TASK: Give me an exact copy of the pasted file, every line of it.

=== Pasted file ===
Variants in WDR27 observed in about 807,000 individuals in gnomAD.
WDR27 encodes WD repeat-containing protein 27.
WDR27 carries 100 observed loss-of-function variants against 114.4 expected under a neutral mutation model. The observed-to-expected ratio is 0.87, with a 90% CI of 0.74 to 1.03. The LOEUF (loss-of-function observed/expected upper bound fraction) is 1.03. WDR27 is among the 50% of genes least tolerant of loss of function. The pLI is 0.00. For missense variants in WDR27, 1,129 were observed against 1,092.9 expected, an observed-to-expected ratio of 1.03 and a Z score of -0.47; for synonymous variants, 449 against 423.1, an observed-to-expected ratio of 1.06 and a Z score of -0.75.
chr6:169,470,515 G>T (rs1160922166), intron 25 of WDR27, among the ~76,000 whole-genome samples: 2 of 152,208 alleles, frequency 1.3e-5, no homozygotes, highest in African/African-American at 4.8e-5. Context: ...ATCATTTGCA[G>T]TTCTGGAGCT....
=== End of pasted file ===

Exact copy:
Variants in WDR27 observed in about 807,000 individuals in gnomAD.
WDR27 encodes WD repeat-containing protein 27.
WDR27 carries 100 observed loss-of-function variants against 114.4 expected under a neutral mutation model. The observed-to-expected ratio is 0.87, with a 90% CI of 0.74 to 1.03. The LOEUF (loss-of-function observed/expected upper bound fraction) is 1.03. WDR27 is among the 50% of genes least tolerant of loss of function. The pLI is 0.00. For missense variants in WDR27, 1,129 were observed against 1,092.9 expected, an observed-to-expected ratio of 1.03 and a Z score of -0.47; for synonymous variants, 449 against 423.1, an observed-to-expected ratio of 1.06 and a Z score of -0.75.
chr6:169,470,515 G>T (rs1160922166), intron 25 of WDR27, among the ~76,000 whole-genome samples: 2 of 152,208 alleles, frequency 1.3e-5, no homozygotes, highest in African/African-American at 4.8e-5. Context: ...ATCATTTGCA[G>T]TTCTGGAGCT....